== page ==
David Dunning is a Cornell University professor who is perhaps most famous for a paper he co-wrote about ignorance and over-confidence. The Dunning-Kruger effect refers to people who are novice or ignorant to things they do not know but believe they are experts. The best example involves people who take a test on a subject they know very little about and receive a low score while believing they should receive a high score.
This effect has been studied and linked to many situations, but it can be a serious danger when it occurs in maintenance practices. Around the world, good maintenance practices have been poorly taught and communicated, and some ideas are unsafe and have no foundation in practicality. Still, they are handed down as the standard operating practice. This can have worse consequences than most Dunning-Kruger effects—it could be life-threatening.
One unsafe practice in the pump industry that personnel often conduct without reviewing best practices is hot bolting. Hot bolting is the act of tightening a bolted connection while the bolted joint assembly (flange/heat exchanger/manway) is in operation. It might seem like common sense to not tighten bolts containing hot fluids or gases, but supporters of this practice often say, “We always did it that way.”
There are many documented stories of hot-bolting accidents, but one notorious case happened in Sodegaura, Japan, in 1992. A hot-bolting operation on a heat exchanger was being conducted during startup at a gas oil hydro-desulfurization unit. The gasket-retaining ring slipped during this operation, causing a massive explosion and the loss of 17 lives.
After a detailed root-cause analysis was conducted, it was determined that the hot bolting was ordered because of a leak at the joint resulting from a loss of bolt load. The decrease in the bolt load was caused by a difference in thermal expansion rate between the bolt material and the flange material.
Bolts can only compensate for a small amount of “travel” from the stretching of the bolt. This small amount was reduced below the sealing minimum load by the thermal growth differences in the materials. This is a good example of the Dunning-Kruger effect: The operators did not see the dangers of tightening the bolts while in operating condition, and they did not previously look at using devices that allow more bolt travel.
Flange springs have been used specifically for addressing these types of differential thermal expansion problems. They are designed to provide more travel while maintaining bolt load during thermal cycling. The root cause analysis report in the previous example emphasized the condition “of repeated warming and lowering of the temperature. The bolts alone could not perform their original purpose of absorbing the extra strain generated by thermal expansion.”
Flange springs work on the principle of stored energy. This is accomplished by extending the bolt load loss decay curve by using springs. The same concept is at work when one opens a jar of peanut butter and, after applying a large amount of force/torque on a portion of the first turn, the entire load is then released in only a small amount of travel with the lid. If you put a coil spring that has twice the height of the jar under the lid inside the jar when you loosen the jar, you get resistance throughout the travel of the jar’s threads. This occurs all the way until the jar comes undone with the top thread. The load is diminished from the bottom thread to the top thread (this can be regulated by the strength of the spring). However, the load curve is a lot more consistent compared to using no spring at all. Image 1 (page 55) shows an example of the use of conical washer springs on a gasket flange.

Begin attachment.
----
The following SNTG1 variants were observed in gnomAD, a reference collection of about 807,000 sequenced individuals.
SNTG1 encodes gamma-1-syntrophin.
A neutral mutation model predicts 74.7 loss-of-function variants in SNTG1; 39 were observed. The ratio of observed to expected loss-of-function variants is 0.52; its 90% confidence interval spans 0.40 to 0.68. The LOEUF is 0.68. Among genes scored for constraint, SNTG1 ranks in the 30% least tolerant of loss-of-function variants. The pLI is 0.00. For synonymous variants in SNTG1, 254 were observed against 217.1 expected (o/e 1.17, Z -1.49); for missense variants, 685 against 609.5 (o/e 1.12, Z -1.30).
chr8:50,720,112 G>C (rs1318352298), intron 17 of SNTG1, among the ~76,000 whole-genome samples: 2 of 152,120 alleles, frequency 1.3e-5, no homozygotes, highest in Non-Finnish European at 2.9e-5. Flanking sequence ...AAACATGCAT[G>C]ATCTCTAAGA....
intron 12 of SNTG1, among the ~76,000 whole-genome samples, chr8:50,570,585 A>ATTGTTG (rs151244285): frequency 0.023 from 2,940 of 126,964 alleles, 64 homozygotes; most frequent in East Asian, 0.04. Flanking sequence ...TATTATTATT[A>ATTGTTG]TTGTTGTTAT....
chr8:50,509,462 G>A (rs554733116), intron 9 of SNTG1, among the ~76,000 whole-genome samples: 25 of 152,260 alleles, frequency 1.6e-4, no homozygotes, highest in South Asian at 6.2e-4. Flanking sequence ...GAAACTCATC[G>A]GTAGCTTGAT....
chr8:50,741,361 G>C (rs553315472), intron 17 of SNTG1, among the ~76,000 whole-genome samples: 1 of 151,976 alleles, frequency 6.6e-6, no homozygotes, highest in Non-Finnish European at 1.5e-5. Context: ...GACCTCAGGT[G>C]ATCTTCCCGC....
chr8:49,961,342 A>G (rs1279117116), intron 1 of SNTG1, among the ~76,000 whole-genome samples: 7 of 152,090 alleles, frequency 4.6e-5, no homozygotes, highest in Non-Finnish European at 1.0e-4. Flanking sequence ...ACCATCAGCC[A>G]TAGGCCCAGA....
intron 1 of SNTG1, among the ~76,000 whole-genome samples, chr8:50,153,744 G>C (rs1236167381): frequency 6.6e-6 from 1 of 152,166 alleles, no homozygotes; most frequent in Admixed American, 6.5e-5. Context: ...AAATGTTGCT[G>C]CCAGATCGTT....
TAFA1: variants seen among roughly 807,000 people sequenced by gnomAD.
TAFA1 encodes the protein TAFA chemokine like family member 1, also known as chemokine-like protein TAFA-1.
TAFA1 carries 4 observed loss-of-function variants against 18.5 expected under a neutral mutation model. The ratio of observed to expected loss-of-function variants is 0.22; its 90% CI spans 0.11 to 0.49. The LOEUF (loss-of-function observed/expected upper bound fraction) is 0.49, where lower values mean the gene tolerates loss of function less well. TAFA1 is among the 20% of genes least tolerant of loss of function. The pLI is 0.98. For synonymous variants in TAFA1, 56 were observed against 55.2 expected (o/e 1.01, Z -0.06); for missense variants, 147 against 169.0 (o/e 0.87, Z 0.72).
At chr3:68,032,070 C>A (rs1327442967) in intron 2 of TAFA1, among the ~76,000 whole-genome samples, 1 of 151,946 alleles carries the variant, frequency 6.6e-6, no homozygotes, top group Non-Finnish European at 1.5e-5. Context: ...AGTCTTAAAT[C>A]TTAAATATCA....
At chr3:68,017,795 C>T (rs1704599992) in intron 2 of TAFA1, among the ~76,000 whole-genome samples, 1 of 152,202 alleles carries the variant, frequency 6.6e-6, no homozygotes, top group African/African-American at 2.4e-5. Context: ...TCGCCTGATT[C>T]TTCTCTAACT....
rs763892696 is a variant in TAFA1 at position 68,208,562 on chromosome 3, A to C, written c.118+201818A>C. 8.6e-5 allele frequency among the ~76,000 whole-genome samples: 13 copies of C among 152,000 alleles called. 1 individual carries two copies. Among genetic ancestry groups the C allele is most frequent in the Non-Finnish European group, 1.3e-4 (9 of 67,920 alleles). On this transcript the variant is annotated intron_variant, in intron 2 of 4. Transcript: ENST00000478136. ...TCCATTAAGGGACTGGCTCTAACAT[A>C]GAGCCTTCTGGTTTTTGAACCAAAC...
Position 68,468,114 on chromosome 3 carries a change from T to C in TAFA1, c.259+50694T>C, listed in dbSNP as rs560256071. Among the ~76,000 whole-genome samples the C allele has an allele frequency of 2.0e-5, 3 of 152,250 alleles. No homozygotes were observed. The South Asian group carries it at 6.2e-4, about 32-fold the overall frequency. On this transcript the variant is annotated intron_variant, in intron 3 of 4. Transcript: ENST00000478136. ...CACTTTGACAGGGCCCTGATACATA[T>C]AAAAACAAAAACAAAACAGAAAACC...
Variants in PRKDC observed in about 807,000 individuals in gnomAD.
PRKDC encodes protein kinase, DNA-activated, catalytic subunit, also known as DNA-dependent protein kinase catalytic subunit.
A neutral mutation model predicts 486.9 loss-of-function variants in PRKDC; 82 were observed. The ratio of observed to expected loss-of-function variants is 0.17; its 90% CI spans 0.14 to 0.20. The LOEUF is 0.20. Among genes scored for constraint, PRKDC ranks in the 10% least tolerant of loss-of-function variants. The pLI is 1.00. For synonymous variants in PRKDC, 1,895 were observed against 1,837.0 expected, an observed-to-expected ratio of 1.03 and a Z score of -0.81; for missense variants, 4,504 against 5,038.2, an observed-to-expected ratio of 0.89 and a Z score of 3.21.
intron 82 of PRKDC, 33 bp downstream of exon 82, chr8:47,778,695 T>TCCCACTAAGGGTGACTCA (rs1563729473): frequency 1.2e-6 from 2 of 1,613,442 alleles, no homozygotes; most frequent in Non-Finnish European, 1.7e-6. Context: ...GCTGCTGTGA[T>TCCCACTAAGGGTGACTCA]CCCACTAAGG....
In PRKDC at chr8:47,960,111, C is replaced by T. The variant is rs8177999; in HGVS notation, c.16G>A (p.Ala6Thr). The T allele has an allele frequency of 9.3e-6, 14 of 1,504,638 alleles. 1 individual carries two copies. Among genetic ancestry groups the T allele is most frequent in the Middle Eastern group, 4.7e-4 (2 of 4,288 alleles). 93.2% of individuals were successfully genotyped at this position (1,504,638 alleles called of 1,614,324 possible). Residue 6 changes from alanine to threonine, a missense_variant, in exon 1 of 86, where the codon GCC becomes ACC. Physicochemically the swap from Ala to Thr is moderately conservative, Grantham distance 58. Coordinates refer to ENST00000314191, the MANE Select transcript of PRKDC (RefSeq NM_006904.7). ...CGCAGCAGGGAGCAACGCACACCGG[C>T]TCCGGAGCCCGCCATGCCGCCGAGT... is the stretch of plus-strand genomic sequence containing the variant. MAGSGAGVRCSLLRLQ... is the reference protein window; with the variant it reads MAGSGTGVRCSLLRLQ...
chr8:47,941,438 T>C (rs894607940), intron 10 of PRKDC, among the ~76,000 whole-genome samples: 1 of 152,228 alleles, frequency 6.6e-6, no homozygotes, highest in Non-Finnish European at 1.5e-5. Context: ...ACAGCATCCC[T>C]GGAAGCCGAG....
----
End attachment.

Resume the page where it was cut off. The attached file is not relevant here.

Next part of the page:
There are countless examples that demonstrate why bolts do not provide a sufficient load under operating “hot” conditions. It can be because of the use of outdated tightening methods. It can happen by using torque wrenches incorrectly, if at all. It could be that the wrong torque was calculated from using the wrong anti-seize thread friction factor, the K factor. All of these issues are outlined with remedies in the FSA gasket manual and the American Society of Mechanical Engineers (ASME) PCC-1.
Not only is hot bolting or torquing a serious safety issue that has caused deaths, but it is also hard to understand how accurately it can actually be performed. One factor usually not taken into consideration in performing hot bolting is the dried anti-seize under the bolt and on the thread. A frequently overlooked issue is that dried anti-seize does not have the same K factor wet versus dry. Furthermore, a dry anti-seize K factor is extremely hard to predict. If during hot bolting the wet torque value is used on a dry joint, less load will actually be applied on the joint because of the change in K factor.
Another issue has to do with the fact that the strength of the bolt decreases at elevated temperatures and can result in bolts breaking and causing massive failure. Once again, the Dunning-Kruger theory is seen here. Personnel can seriously compromise the safety of the joint if they do not understand the factors affecting the load applied by the bolt or its strength at elevated temperatures, and if they tighten a heated bolt.